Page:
1. To the woman who is in the thick of infertility, pay some attention to your partner. Ask them how they are doing. One of my clients asked her husband that very question on Father’s Day, and he broke down. Men also feel it, they just feel it differently.

2. To the woman struggling through this process, allow your man to be vulnerable. As a man, vulnerability with your partner doesn’t make you weak, it makes you even stronger. I have seen many relationships become very successful amidst the pain and struggles, when there is vulnerability between the couple. It strengthens your bond and makes you closer.

3. To both partners, when emotions are running high, remove yourself from the situation, take some time to collect yourself. Don’t talk or act when emotions are running high. The invisible wall gets higher when emotions are high.

4. Remind yourself and your partner frequently that “Together, we will make it thru this too”. Saying it out loud makes a world of difference and gives a great comfort to the other partner.

5. Get professional help, specifically someone who truly been there and understands the infertility struggle. They can help with tools and techniques to slowly eliminate relationship struggles, help identify the relationship goals and help you move forward positively in your life with or without successful fertility treatments.

Don’t let the invisible wall keep growing stronger and taller. Find ways to break the wall down slowly. Infertility shouldn’t be the reason for a relationship to break! Take small steps forward.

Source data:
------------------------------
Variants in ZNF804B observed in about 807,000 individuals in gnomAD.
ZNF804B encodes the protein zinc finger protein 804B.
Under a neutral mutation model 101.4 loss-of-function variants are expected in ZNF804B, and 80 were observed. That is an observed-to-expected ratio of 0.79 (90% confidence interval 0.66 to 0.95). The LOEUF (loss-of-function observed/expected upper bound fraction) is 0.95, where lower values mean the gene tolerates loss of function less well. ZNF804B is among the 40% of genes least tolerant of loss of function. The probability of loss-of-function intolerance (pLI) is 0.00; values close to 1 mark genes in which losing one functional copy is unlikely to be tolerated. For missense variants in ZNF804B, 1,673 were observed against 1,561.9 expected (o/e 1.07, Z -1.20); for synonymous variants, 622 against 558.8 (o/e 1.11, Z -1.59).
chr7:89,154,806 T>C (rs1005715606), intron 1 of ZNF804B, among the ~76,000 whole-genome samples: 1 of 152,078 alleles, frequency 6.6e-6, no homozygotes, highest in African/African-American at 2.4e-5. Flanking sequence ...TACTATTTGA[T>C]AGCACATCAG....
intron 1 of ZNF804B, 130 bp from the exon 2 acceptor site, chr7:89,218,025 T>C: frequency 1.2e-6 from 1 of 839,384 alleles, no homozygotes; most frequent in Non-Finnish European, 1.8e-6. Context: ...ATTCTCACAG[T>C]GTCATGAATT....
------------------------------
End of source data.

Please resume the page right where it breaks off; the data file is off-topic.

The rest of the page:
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MENTAL HEALTH

20 Things You Should Never Say To Someone Struggling With Infertility!

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“You may never know what someone is going through, but if you notice any signs of pain—hostility, negativity, or over-sensitivity—then odds are, you know how they feel. Respond to the pain instead of judging the signs.” Lori Deschene

I have unexplained infertility and my fertility journey was very long and painful with almost 8 years of failed treatments. I had 3 miscarriages, 3 IUI failures and 8 back to back IVF failures. It was an emotional roller coaster. I struggled in silence for the major part of my journey. I avoided talking to people with the fear that they will ask me about having kids. I avoided going to India (where all my family is) for 4 years in a row giving all sorts of bullshit (pardon my language here) reasons on why I can’t go. I wore a mask at work and never talked about anything personal. Talking to friends and family members was a nightmare especially who recently became pregnant or had a child!

I always avoid telling others about my infertility journey to avoid the comments that can really sting, let my blood pressure rise and bite my tongue, to put it mildly. There are sometimes where I wanted to react in a more animated fashion to those somewhat insensitive and ignorant comments.

This doesn’t just happen to me. It happens to many of us who are struggling with pregnancy loss, primary or secondary infertility. I recently put a question (What is that one thing that people say annoys you most about infertility?) to an online FB support group and its members had overwhelming response talking about their personal experience with these insensitive comments.

This list is based on my personal experiences and the collective experiences from many amazing souls going through fertility challenges including my wonderful fertility clients.

I am writing this to create awareness to those people who haven’t experienced infertility, who typically say things like this (many times with good intentions) to others going through infertility.